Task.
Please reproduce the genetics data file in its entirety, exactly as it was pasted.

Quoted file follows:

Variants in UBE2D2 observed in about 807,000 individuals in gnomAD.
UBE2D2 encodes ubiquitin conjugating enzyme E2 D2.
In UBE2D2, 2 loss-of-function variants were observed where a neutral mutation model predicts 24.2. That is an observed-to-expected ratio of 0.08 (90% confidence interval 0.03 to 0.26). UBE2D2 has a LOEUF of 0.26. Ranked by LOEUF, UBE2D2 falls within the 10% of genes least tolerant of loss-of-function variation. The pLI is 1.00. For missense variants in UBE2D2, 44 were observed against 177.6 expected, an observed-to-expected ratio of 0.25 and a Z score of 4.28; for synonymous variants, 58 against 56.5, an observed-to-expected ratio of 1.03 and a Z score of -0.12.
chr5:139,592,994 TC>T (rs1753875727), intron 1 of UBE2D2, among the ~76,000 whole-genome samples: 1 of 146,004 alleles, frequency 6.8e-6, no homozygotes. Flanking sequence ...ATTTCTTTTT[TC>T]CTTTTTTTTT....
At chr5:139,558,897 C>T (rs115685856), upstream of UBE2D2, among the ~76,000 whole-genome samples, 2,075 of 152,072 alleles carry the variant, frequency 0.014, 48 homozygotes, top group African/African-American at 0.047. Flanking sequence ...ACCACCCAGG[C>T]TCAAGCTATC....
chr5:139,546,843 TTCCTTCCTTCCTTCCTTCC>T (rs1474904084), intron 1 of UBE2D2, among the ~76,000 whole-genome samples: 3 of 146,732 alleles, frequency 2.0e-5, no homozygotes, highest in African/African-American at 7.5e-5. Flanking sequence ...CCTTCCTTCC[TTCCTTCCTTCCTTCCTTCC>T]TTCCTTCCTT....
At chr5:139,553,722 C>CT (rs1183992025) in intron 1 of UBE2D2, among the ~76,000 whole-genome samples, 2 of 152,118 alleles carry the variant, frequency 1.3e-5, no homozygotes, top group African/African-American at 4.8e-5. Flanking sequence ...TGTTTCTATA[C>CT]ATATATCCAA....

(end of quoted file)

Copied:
Variants in UBE2D2 observed in about 807,000 individuals in gnomAD.
UBE2D2 encodes ubiquitin conjugating enzyme E2 D2.
In UBE2D2, 2 loss-of-function variants were observed where a neutral mutation model predicts 24.2. That is an observed-to-expected ratio of 0.08 (90% confidence interval 0.03 to 0.26). UBE2D2 has a LOEUF of 0.26. Ranked by LOEUF, UBE2D2 falls within the 10% of genes least tolerant of loss-of-function variation. The pLI is 1.00. For missense variants in UBE2D2, 44 were observed against 177.6 expected, an observed-to-expected ratio of 0.25 and a Z score of 4.28; for synonymous variants, 58 against 56.5, an observed-to-expected ratio of 1.03 and a Z score of -0.12.
chr5:139,592,994 TC>T (rs1753875727), intron 1 of UBE2D2, among the ~76,000 whole-genome samples: 1 of 146,004 alleles, frequency 6.8e-6, no homozygotes. Flanking sequence ...ATTTCTTTTT[TC>T]CTTTTTTTTT....
At chr5:139,558,897 C>T (rs115685856), upstream of UBE2D2, among the ~76,000 whole-genome samples, 2,075 of 152,072 alleles carry the variant, frequency 0.014, 48 homozygotes, top group African/African-American at 0.047. Flanking sequence ...ACCACCCAGG[C>T]TCAAGCTATC....
chr5:139,546,843 TTCCTTCCTTCCTTCCTTCC>T (rs1474904084), intron 1 of UBE2D2, among the ~76,000 whole-genome samples: 3 of 146,732 alleles, frequency 2.0e-5, no homozygotes, highest in African/African-American at 7.5e-5. Flanking sequence ...CCTTCCTTCC[TTCCTTCCTTCCTTCCTTCC>T]TTCCTTCCTT....
At chr5:139,553,722 C>CT (rs1183992025) in intron 1 of UBE2D2, among the ~76,000 whole-genome samples, 2 of 152,118 alleles carry the variant, frequency 1.3e-5, no homozygotes, top group African/African-American at 4.8e-5. Flanking sequence ...TGTTTCTATA[C>CT]ATATATCCAA....